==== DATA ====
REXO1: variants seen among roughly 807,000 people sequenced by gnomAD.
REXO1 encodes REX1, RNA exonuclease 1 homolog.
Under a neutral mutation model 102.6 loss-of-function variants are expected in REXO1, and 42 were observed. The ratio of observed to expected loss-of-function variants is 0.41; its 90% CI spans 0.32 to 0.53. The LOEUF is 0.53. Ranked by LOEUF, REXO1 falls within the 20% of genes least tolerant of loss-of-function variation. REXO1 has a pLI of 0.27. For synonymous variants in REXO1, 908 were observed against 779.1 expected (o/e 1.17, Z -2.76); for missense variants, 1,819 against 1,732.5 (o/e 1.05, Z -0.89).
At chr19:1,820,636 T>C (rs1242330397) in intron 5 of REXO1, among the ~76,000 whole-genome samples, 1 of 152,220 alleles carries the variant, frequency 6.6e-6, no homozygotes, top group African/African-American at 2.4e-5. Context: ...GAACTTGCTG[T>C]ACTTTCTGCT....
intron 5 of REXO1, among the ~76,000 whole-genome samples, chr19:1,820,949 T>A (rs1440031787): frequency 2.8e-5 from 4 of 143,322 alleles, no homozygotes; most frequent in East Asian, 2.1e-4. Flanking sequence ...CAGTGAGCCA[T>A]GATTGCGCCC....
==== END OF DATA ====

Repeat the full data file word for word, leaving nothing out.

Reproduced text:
REXO1: variants seen among roughly 807,000 people sequenced by gnomAD.
REXO1 encodes REX1, RNA exonuclease 1 homolog.
Under a neutral mutation model 102.6 loss-of-function variants are expected in REXO1, and 42 were observed. The ratio of observed to expected loss-of-function variants is 0.41; its 90% CI spans 0.32 to 0.53. The LOEUF is 0.53. Ranked by LOEUF, REXO1 falls within the 20% of genes least tolerant of loss-of-function variation. REXO1 has a pLI of 0.27. For synonymous variants in REXO1, 908 were observed against 779.1 expected (o/e 1.17, Z -2.76); for missense variants, 1,819 against 1,732.5 (o/e 1.05, Z -0.89).
At chr19:1,820,636 T>C (rs1242330397) in intron 5 of REXO1, among the ~76,000 whole-genome samples, 1 of 152,220 alleles carries the variant, frequency 6.6e-6, no homozygotes, top group African/African-American at 2.4e-5. Context: ...GAACTTGCTG[T>C]ACTTTCTGCT....
intron 5 of REXO1, among the ~76,000 whole-genome samples, chr19:1,820,949 T>A (rs1440031787): frequency 2.8e-5 from 4 of 143,322 alleles, no homozygotes; most frequent in East Asian, 2.1e-4. Flanking sequence ...CAGTGAGCCA[T>A]GATTGCGCCC....